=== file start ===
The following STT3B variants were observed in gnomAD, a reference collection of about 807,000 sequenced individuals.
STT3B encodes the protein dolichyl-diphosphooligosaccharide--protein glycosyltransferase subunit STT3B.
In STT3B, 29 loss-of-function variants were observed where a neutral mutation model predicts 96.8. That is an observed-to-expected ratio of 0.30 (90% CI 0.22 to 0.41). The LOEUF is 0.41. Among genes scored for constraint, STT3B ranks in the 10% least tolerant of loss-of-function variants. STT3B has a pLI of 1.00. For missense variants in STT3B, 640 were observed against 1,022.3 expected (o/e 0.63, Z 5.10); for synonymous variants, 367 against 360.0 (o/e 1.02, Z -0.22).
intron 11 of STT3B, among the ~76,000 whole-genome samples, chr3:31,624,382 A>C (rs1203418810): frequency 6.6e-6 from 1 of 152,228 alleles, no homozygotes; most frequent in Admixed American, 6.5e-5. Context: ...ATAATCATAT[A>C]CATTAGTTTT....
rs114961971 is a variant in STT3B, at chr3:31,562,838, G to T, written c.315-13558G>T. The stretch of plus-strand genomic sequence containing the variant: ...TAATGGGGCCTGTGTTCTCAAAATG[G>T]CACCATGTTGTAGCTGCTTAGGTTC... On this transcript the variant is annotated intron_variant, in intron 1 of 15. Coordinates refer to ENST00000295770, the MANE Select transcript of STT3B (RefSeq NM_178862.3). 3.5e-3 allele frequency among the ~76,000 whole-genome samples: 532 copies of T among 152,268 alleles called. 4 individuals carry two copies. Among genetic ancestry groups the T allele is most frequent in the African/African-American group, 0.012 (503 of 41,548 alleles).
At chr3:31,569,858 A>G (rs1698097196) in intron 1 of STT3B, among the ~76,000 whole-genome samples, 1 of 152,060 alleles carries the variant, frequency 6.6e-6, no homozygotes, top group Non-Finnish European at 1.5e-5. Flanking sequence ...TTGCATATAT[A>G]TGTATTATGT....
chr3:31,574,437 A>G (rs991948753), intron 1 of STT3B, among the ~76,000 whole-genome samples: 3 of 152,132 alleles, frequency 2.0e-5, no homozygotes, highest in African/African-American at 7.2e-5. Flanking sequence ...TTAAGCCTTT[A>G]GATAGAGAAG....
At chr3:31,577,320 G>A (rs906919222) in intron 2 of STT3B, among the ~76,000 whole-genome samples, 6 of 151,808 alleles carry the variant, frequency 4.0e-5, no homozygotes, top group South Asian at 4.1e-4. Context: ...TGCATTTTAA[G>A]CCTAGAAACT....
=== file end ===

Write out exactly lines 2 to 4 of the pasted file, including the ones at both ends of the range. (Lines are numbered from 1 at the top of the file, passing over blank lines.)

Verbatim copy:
STT3B encodes the protein dolichyl-diphosphooligosaccharide--protein glycosyltransferase subunit STT3B.
In STT3B, 29 loss-of-function variants were observed where a neutral mutation model predicts 96.8. That is an observed-to-expected ratio of 0.30 (90% CI 0.22 to 0.41). The LOEUF is 0.41. Among genes scored for constraint, STT3B ranks in the 10% least tolerant of loss-of-function variants. STT3B has a pLI of 1.00. For missense variants in STT3B, 640 were observed against 1,022.3 expected (o/e 0.63, Z 5.10); for synonymous variants, 367 against 360.0 (o/e 1.02, Z -0.22).
intron 11 of STT3B, among the ~76,000 whole-genome samples, chr3:31,624,382 A>C (rs1203418810): frequency 6.6e-6 from 1 of 152,228 alleles, no homozygotes; most frequent in Admixed American, 6.5e-5. Context: ...ATAATCATAT[A>C]CATTAGTTTT....